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Tokyo Stocks End Higher

July 28, 1998

TOKYO (AP) _ The dollar slipped against the yen Tuesday on news that former Japanese Prime Minister Kiichi Miyazawa was ready to accept the position of finance minister. Tokyo stocks gained on bargain hunting.

The dollar bought 141.68 yen at midafternoon, down 0.66 yen from late Monday in Tokyo and also below its late New York rate of 142.41 yen overnight.

The benchmark Nikkei Stock Average of 225 selected issues gained 170.18 points, or 1.07 percent, closing at 16,113.54. On Monday, the average had lost 417.53 points, or 2.55 percent.

The dollar fell after Kyodo News, quoting an unidentified official in the ruling Liberal Democratic Party, reported that Miyazawa was expected to accept Foreign Minister Keizo Obuchi’s request to serve as finance minister, traders said.

Earlier in the day, Obuchi, who is almost certain to succeed outgoing Prime Minister Ryutaro Hashimoto, was reported having trouble finding an appropriate finance minister for his new Cabinet, expected to be formed Thursday.

Miyazawa, 78, reportedly declined Obuchi’s initial approach because of his age. Obuchi sought him because Miyazawa, a former Finance Ministry bureaucrat who has been finance minister as well as premier, has long been regarded as an expert in economic affairs.

``Miyazawa is not the best answer, but compared to the other candidates, he’s the best,″ said Takashi Nakauchi, foreign exchange manager at Bank of Tokyo Mitsubishi. He said the report temporarily prompted yen buying.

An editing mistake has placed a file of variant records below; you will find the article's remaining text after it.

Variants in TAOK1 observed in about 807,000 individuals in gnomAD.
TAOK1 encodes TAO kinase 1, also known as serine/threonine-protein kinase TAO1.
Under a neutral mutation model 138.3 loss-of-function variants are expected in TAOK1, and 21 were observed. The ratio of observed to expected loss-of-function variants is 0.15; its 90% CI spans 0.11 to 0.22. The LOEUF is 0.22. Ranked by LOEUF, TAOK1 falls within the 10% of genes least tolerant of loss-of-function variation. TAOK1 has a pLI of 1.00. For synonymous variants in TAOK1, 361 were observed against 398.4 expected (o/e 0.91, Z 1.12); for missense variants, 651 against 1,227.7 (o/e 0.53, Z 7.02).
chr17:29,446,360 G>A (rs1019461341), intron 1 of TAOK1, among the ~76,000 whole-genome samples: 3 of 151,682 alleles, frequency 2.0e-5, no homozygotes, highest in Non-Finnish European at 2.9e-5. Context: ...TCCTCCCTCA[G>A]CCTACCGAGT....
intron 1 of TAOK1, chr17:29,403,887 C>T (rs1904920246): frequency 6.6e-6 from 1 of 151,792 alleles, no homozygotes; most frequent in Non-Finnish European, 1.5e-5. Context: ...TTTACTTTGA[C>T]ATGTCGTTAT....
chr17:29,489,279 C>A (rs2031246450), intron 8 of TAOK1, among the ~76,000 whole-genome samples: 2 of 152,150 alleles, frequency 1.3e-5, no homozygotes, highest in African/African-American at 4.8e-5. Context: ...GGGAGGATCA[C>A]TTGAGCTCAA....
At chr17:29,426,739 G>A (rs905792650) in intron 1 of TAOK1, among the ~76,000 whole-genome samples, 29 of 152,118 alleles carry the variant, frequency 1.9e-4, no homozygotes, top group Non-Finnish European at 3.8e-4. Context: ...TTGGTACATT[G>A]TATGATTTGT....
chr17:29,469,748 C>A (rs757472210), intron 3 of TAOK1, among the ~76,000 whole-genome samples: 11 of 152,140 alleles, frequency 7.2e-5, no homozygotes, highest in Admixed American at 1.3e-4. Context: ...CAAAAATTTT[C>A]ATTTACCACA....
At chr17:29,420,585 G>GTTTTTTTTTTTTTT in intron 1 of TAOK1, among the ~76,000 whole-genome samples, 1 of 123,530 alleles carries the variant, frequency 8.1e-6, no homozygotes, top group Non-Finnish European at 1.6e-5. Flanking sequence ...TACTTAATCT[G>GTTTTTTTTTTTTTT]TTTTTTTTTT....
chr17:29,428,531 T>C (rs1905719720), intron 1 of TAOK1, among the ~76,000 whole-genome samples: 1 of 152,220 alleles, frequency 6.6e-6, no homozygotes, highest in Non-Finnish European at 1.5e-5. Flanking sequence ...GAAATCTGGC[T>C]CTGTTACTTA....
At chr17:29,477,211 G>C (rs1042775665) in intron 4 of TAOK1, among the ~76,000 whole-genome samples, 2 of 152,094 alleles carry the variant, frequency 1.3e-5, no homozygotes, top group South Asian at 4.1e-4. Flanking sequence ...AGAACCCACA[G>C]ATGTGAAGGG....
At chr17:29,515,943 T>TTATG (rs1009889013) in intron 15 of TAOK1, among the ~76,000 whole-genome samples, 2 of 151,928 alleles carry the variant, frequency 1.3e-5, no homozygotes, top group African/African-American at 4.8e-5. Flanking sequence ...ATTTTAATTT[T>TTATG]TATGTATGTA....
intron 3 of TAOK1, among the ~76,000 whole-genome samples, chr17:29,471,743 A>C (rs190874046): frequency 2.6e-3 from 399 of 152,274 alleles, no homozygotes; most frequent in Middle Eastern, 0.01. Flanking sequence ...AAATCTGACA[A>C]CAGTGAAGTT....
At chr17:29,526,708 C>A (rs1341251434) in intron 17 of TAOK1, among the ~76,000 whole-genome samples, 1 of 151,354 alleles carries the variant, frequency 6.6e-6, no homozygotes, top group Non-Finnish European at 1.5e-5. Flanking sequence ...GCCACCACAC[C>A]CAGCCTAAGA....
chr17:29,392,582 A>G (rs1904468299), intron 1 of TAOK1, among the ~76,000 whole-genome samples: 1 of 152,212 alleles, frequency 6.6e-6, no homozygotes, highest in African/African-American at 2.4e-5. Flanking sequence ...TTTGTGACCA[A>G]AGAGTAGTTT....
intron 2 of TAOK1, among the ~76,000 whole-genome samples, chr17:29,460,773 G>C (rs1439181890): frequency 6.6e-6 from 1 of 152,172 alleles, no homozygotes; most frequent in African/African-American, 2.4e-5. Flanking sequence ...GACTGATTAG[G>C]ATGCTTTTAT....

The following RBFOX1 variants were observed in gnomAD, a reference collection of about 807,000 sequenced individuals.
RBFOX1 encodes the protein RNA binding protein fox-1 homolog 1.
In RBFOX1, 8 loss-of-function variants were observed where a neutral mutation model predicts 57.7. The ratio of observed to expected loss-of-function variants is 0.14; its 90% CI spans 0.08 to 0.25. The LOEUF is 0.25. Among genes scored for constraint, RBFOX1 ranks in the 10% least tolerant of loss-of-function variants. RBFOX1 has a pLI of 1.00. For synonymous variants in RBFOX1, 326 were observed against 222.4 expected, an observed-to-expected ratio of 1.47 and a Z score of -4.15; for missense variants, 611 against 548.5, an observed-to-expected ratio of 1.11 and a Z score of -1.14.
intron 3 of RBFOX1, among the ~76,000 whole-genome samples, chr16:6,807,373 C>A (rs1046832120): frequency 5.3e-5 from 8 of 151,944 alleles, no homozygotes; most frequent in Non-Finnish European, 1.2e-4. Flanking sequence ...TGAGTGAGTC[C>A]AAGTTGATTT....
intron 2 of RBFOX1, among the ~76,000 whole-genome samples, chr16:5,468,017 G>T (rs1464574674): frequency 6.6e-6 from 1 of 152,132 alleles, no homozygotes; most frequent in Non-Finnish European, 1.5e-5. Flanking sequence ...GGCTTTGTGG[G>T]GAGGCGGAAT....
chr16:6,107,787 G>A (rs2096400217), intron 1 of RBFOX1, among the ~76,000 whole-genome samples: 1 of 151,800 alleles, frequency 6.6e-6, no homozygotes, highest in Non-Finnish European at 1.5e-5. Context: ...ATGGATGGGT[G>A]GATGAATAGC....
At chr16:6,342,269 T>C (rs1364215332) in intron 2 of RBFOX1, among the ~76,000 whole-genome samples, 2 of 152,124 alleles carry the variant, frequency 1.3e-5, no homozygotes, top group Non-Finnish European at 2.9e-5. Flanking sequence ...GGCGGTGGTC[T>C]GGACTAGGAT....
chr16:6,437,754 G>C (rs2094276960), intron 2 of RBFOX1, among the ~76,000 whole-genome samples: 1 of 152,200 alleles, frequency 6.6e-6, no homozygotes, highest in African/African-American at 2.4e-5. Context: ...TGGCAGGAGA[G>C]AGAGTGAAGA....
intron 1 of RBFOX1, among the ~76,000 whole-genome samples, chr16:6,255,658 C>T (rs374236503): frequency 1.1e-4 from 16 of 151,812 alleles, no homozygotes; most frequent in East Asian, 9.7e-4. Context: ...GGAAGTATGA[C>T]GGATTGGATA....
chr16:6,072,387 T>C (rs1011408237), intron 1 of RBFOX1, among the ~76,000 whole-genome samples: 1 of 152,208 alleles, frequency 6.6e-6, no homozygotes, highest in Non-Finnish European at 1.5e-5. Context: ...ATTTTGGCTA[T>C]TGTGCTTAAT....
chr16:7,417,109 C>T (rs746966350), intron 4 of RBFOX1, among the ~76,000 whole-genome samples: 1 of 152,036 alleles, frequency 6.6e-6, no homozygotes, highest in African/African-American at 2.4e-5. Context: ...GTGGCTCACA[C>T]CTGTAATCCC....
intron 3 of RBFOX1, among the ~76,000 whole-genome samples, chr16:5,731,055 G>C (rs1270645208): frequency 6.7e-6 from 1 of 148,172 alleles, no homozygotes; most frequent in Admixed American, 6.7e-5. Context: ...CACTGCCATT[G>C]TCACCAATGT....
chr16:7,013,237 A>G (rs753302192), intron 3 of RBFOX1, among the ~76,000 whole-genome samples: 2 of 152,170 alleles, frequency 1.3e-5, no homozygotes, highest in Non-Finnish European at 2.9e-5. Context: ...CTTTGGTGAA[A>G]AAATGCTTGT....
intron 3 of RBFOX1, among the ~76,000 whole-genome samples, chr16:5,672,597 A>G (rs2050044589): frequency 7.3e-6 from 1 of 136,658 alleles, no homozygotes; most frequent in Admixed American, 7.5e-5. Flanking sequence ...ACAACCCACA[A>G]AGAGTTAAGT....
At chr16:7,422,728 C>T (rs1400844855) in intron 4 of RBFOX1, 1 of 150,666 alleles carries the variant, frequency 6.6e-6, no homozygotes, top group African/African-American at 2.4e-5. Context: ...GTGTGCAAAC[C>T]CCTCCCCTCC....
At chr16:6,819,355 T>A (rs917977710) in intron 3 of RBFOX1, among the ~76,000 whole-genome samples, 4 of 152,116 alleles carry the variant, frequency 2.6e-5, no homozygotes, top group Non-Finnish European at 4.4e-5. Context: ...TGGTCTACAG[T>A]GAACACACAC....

The report also helped push up prices on the Tokyo Stock Exchange.

The Tokyo Stock Price Index of all issues listed on the first section was up 8.24 points, or 0.67 percent, to 1,242.22. It had tumbled 24.03 points, or 1.95 percent, the previous day.

Advances outnumbered retreats 662 to 409, with 195 issues unchanged. Volume on the first section was estimated at 345 million shares, down from 378.38 million Monday.

The brokerage sector posted strong gains amid expectations of accelerating business alliances and mergers.

Shares in Daiwa Securities and Sumitomo Bank gained on reports that they will form an alliance in the investment banking business. Daiwa stock was up 27 yen (19 cents) at 613 yen ($4.32), while Sumitomo Bank added 14 yen (10 cents) to 1,335 yen ($9.42).

The two companies were to hold a news conference later Tuesday.

The yield on the benchmark No. 182 10-year Japanese government bond fell to 1.305 percent from Monday’s finish of 1.315 percent, driving its price up to 111.07 yen from 111.00 yen.

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